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story.lead_photo.caption A “store for rent” sign is displayed at a retail property in Chicago earlier this month. The U.S. economy shrank in the first quarter by the most since the fourth quarter of 2008. (AP/Nam Y. Huh)

WASHINGTON -- The U.S. economy shrank at a 5% rate in the first quarter and a vastly worse performance is expected in the current three-month period, when the coronavirus pandemic began to spread across the U.S.

The Commerce Department reported Thursday that the decline in the gross domestic product, the total output of goods and services, in the January-March quarter was unchanged from the estimate made a month ago.

It was the sharpest quarterly decline since an 8.4% tumble in the fourth quarter of 2008 during the depths of the worst financial crisis since the Great Depression.

The first-quarter period captured just two weeks of the shutdowns that began in many parts of the country in mid-March.

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Economists believe that gross domestic product has plunged around 30% from April through the end of this month.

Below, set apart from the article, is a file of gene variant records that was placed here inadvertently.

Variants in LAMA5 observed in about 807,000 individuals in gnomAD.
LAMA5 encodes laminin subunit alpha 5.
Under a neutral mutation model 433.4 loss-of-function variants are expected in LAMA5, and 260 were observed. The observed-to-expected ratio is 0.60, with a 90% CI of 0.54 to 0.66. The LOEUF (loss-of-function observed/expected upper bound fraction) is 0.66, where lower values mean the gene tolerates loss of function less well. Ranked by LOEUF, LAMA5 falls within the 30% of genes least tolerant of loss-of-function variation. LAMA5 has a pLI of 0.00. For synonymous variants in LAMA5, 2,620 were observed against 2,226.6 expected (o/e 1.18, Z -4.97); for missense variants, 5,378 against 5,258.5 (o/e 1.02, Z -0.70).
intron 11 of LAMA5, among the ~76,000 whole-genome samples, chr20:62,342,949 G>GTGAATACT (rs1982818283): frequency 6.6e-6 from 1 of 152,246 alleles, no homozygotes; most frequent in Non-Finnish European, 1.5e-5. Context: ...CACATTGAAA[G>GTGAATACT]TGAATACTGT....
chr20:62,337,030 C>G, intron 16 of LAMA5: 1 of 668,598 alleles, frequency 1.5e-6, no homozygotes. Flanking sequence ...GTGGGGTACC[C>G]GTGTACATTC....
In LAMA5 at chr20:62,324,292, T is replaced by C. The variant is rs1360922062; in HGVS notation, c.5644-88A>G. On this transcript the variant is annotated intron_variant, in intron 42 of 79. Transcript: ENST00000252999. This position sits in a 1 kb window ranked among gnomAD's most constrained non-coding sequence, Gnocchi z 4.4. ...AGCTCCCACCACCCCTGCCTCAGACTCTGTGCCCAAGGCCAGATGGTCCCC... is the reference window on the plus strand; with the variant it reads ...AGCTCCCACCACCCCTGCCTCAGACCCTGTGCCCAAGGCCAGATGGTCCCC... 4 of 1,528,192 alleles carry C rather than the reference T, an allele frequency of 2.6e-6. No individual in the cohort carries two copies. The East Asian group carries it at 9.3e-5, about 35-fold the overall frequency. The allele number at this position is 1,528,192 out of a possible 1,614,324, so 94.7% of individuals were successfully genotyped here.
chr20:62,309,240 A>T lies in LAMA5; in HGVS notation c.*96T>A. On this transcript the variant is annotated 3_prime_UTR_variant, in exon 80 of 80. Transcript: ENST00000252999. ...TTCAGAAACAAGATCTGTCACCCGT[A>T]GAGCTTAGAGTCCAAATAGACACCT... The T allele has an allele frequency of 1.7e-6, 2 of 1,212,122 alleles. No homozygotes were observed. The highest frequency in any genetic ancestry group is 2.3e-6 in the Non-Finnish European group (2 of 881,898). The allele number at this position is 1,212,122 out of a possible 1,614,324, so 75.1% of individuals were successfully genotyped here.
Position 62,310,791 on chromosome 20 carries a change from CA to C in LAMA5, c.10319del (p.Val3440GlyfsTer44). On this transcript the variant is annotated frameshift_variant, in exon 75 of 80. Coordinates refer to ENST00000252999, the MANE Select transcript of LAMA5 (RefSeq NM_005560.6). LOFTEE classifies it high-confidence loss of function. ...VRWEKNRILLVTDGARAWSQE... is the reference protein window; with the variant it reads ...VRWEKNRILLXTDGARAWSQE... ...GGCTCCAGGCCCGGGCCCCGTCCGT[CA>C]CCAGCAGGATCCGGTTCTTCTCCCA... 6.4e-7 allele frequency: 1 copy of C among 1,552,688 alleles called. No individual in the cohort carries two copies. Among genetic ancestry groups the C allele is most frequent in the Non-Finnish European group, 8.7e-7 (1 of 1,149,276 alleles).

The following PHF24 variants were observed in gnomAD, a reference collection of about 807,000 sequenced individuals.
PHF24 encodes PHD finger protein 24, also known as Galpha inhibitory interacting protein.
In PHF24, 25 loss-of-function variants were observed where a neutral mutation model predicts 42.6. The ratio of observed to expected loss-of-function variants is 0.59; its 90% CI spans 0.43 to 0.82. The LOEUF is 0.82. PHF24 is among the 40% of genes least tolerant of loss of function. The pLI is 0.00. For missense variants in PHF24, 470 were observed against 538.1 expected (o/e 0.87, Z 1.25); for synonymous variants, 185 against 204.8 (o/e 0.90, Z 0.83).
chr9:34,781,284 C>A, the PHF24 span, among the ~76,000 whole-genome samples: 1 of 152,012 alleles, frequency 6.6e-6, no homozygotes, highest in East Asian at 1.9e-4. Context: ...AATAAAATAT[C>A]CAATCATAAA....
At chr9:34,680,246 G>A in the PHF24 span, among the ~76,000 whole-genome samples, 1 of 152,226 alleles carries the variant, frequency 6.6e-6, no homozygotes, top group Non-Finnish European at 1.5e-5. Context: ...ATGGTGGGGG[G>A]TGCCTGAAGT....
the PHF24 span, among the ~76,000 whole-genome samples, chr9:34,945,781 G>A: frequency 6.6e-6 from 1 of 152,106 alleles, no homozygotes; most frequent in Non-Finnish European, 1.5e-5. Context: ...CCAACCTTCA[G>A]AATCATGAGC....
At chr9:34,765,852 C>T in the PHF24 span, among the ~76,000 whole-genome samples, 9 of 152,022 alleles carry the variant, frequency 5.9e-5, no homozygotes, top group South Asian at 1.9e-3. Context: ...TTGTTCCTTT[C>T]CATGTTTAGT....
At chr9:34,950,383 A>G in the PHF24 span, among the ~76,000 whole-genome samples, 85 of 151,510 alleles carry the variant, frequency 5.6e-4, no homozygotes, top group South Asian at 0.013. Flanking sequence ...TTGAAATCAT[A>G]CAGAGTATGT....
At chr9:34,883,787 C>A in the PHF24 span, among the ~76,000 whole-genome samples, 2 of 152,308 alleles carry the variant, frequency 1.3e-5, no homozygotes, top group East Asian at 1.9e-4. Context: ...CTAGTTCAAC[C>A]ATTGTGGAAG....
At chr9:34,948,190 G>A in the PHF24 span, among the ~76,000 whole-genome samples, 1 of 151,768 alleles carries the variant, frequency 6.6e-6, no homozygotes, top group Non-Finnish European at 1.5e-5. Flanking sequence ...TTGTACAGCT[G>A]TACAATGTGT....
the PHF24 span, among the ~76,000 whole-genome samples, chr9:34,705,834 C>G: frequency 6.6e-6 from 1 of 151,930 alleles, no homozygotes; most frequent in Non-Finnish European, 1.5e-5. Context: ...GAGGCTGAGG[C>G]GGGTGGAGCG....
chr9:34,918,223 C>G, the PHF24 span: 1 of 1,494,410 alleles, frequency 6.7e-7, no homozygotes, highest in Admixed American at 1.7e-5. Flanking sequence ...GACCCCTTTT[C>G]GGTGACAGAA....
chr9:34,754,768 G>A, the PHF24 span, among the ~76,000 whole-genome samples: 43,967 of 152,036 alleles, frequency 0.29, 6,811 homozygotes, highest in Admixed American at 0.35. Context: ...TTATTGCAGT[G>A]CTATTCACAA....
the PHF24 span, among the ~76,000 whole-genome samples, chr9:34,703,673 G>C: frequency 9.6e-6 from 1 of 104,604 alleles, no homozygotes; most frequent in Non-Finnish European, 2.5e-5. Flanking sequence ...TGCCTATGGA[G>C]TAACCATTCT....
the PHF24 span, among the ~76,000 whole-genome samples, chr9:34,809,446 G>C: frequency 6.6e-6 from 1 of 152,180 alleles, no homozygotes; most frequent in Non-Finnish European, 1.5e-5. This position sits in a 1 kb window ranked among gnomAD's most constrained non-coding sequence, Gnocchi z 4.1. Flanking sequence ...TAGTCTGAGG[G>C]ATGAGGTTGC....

That would be the biggest quarterly decline on record by a long shot: Three times bigger than a 10% drop in the first quarter of 1958.

But in a separate report Thursday, U.S. orders for durable goods jumped in May by the most in nearly six years as nationwide reopenings rekindled demand for a broad range of merchandise and equipment.

Forecasters believe the economy will rebound in the second half of the year. The Congressional Budget Office is predicting a 21.5% growth rate in the July-September quarter followed by a 10.4% gain in the fourth quarter.

However, a handful of states, particularly in the South, have begun to report surging infections. And even if a rebound materializes in July, it will follow seismic losses that would mean a decline in economic output for the entire year.

While overall gross domestic product was unchanged for the first quarter, the composition shifted slightly with downward revisions to consumer spending, exports and business inventories offset by an upward revision to business investment.

The Thursday report was the government's third and final look at first-quarter gross domestic product.

The panel of economists that determines when U.S. recessions begin said that February marked the end of the longest economic expansion in U.S. history, 128 months of uninterrupted growth that began in the wake of the 2008 financial crisis.

NO NATIONWIDE SHUTDOWNS